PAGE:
Culture warrior Doug Ducey disses good jobs for a myth (and kissing Trump’s ass) – busted!


In a post earlier this week about Donald Trump hijacking the 4th of July to make it a “Salute to Trump” campaign rally and fundraiser, I pointed out that much of what you think you know about American history is mythology:

Historical Note: One of the most widely held misconceptions about the Declaration of Independence is that it was signed on July 4, 1776. In fact, independence was formally declared on July 2, 1776, a date that John Adams believed would be “the most memorable epocha in the history of America.” On July 4, 1776, Congress approved the final text of the Declaration. It was not actually signed until August 2, 1776.

The John Trumbull painting that most Americans think of as the signing of the Declaration of Independence actually depicts the five-man drafting committee presenting their draft of the Declaration to the Congress, an event that took place on June 28, 1776, and not the signing of the document, which took place much later. Much of what you think you know about American history is mythology.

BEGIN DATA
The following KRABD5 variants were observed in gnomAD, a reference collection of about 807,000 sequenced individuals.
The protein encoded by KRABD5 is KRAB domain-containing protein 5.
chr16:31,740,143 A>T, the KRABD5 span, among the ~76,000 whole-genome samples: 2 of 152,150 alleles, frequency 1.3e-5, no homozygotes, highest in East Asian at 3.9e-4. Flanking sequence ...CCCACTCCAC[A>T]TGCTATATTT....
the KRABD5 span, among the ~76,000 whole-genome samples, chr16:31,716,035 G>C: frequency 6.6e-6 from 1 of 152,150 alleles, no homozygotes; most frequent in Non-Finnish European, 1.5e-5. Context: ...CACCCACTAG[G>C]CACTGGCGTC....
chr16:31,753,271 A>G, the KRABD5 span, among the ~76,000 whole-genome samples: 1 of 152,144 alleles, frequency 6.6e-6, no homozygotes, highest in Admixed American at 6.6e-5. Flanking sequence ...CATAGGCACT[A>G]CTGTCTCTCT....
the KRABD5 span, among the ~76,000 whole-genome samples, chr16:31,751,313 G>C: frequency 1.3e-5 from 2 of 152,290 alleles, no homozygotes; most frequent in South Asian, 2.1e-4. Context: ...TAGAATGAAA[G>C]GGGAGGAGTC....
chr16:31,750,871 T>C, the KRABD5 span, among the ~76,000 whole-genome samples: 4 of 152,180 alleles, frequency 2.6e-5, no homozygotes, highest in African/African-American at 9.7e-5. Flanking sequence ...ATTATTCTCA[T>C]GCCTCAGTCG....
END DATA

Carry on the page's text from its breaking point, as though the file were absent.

Prepare to have your mind blown: the apocryphal story of Betsy Ross designing the first American flag that we were all taught in grade school is but a myth and a legend. There is no historical evidence to support it. Here is what says:

Elizabeth Griscom Ross (1752-1836), was a Philadelphia seamstress, married to John Ross, an upholsterer who was killed in a munitions explosion in 1776. She kept the upholstery shop going and lived on Arch Street, not too far from the State House on Chestnut, where history was being made almost every day. According to most historians, she has been incorrectly credited with designing the first Stars and Stripes. The story has enormous popularity, yet the facts do not substantiate it. Lets begin with the legend itself.